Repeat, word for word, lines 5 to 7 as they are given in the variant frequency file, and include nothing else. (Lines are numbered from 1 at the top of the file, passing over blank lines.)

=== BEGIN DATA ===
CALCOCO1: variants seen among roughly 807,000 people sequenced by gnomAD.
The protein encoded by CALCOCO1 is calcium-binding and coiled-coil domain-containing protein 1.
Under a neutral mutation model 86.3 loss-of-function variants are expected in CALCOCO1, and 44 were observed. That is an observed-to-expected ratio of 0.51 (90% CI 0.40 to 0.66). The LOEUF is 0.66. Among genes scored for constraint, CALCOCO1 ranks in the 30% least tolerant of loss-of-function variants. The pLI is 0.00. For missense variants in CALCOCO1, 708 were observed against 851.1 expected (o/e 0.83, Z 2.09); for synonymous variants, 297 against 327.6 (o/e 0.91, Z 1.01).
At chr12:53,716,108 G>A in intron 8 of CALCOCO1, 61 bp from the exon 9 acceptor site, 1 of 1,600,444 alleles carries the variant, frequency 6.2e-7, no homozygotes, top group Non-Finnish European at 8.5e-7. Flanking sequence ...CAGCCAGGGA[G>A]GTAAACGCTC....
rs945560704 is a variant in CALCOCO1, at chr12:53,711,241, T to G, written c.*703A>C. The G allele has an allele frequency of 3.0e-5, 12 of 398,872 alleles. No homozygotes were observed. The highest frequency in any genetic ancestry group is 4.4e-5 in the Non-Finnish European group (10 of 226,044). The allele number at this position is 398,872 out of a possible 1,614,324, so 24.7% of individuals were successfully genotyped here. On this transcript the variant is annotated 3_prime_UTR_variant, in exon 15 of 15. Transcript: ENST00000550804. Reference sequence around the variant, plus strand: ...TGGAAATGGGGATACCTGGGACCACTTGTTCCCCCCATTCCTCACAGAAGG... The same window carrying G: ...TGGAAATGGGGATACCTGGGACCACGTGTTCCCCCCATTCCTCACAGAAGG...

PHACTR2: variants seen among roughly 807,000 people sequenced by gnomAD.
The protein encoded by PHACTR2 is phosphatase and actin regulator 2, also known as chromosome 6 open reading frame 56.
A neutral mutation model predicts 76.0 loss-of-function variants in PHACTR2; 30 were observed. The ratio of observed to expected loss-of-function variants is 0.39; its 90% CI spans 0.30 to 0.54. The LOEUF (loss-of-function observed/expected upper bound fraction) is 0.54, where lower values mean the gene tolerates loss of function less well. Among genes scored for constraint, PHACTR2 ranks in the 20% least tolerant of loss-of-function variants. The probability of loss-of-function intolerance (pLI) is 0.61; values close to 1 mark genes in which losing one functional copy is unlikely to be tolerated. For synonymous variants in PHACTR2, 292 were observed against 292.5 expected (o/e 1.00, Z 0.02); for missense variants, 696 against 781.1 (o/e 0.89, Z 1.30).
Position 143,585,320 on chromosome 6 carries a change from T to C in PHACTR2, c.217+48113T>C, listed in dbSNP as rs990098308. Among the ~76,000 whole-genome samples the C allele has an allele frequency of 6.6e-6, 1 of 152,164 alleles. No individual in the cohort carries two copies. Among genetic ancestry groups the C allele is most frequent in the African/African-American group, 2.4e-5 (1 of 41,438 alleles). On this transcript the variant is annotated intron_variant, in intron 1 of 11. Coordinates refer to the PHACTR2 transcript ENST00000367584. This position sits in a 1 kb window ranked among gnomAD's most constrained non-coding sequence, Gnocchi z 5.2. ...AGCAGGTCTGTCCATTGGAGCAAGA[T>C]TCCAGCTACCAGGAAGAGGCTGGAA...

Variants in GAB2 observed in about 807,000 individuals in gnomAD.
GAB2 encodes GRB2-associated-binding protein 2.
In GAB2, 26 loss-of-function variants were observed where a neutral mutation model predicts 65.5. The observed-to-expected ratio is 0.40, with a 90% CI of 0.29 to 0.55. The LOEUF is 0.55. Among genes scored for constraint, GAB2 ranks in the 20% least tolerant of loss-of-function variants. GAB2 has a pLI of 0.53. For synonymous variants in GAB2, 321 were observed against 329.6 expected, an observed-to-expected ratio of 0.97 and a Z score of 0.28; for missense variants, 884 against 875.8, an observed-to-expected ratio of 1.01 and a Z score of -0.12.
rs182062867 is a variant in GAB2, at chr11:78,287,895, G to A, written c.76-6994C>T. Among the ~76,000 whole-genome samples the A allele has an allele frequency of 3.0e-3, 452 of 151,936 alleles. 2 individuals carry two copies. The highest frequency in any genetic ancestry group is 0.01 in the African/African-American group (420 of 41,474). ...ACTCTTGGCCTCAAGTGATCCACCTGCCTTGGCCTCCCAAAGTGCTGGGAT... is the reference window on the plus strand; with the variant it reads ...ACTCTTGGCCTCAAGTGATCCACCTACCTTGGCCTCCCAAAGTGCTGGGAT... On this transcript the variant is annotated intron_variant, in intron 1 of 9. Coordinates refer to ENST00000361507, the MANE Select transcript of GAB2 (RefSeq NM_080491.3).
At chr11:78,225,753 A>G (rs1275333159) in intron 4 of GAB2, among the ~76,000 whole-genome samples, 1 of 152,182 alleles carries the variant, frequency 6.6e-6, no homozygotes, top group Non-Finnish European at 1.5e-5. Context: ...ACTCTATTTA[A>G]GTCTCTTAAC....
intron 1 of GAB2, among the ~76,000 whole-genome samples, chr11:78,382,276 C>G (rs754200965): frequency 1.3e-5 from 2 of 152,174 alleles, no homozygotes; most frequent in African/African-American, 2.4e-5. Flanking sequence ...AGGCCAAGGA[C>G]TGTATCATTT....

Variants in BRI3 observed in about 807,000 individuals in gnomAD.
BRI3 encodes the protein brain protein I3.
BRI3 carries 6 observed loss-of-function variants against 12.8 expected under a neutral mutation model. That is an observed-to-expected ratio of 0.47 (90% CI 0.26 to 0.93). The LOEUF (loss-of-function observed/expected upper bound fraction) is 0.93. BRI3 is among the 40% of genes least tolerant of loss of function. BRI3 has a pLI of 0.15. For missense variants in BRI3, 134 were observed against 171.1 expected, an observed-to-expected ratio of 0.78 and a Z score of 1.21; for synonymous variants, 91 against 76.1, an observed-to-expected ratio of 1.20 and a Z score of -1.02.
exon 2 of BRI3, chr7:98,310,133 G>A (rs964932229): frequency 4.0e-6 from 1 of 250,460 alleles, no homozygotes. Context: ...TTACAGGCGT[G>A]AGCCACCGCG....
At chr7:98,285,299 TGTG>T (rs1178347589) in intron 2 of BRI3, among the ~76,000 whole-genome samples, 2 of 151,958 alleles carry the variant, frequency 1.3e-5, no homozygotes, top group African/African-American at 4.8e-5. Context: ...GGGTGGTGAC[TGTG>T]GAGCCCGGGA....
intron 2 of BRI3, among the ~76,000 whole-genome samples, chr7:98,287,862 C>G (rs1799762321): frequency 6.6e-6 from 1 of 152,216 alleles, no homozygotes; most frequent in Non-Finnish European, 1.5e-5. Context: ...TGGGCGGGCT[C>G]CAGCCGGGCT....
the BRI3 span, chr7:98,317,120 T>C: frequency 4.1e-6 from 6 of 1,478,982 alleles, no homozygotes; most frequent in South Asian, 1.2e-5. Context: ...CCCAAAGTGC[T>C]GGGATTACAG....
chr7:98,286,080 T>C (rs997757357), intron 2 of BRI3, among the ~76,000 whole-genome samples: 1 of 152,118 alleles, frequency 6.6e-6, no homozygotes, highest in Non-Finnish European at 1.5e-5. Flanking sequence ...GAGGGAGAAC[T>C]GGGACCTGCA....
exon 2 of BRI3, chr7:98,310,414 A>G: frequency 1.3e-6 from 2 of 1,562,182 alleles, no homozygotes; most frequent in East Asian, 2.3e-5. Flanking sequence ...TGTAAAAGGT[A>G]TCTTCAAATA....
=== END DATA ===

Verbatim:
rs945560704 is a variant in CALCOCO1, at chr12:53,711,241, T to G, written c.*703A>C. The G allele has an allele frequency of 3.0e-5, 12 of 398,872 alleles. No homozygotes were observed. The highest frequency in any genetic ancestry group is 4.4e-5 in the Non-Finnish European group (10 of 226,044). The allele number at this position is 398,872 out of a possible 1,614,324, so 24.7% of individuals were successfully genotyped here. On this transcript the variant is annotated 3_prime_UTR_variant, in exon 15 of 15. Transcript: ENST00000550804. Reference sequence around the variant, plus strand: ...TGGAAATGGGGATACCTGGGACCACTTGTTCCCCCCATTCCTCACAGAAGG... The same window carrying G: ...TGGAAATGGGGATACCTGGGACCACGTGTTCCCCCCATTCCTCACAGAAGG...

PHACTR2: variants seen among roughly 807,000 people sequenced by gnomAD.
The protein encoded by PHACTR2 is phosphatase and actin regulator 2, also known as chromosome 6 open reading frame 56.